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The U.S. Internal Revenue Service’s new software system for handling electronic tax returns has experienced problems during the tax filing season, angering some taxpayers whose refunds have been delayed.

In an issue that could draw congressional scrutiny, the IRS said it was addressing the software glitches and that delays in sending refunds to taxpayers would be minimal.

The tax collection agency has made a big commitment to upgrading its software and has been expecting to shut down its old software system in October.

“A final decision on that won’t be made until after the filing season and after we have a chance to have additional conversations with” tax return preparers, said IRS spokesman Frank Keith.

The IRS said delays in sending out refunds began in February. “There were probably several million taxpayers whose returns we took longer to process,” Keith said.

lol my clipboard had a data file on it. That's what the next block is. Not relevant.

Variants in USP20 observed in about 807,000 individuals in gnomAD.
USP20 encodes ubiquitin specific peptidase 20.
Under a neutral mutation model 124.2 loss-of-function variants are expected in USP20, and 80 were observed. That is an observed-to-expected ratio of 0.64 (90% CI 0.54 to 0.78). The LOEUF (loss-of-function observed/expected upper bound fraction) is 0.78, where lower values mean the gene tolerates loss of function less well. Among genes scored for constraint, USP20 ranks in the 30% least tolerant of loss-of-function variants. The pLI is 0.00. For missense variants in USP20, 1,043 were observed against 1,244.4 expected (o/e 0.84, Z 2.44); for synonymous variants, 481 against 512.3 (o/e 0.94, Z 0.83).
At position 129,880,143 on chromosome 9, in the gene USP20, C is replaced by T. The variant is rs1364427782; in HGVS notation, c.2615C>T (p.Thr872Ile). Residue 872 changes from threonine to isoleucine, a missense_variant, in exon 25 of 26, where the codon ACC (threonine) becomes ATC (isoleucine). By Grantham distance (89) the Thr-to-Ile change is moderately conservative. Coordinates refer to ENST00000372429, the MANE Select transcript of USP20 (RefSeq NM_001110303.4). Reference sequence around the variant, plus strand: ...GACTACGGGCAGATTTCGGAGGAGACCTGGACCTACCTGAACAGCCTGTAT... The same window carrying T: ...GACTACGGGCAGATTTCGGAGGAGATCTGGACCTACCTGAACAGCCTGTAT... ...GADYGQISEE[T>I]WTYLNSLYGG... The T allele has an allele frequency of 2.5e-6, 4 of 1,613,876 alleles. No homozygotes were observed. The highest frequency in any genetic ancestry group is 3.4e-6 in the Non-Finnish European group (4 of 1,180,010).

But the IRS has largely caught up and the number of refunds sent out is now on a par with last year, he said.

Some tax preparers said they are facing angry customers upset by the late refunds.

The IRS had projected that taxpayers who got their 2012 electronic returns in by April 15 would get direct-deposit refunds seven to 13 days later; or 17 days for mailed refunds.

That projection was expected to improve on the previous year, when direct deposit refunds went out 8 to 15 days after e-files came in; and 22 days for refund checks sent in the mail.

Keith said most “taxpayers this year did receive and will continue to receive their refunds within that period of time” that the agency had projected.

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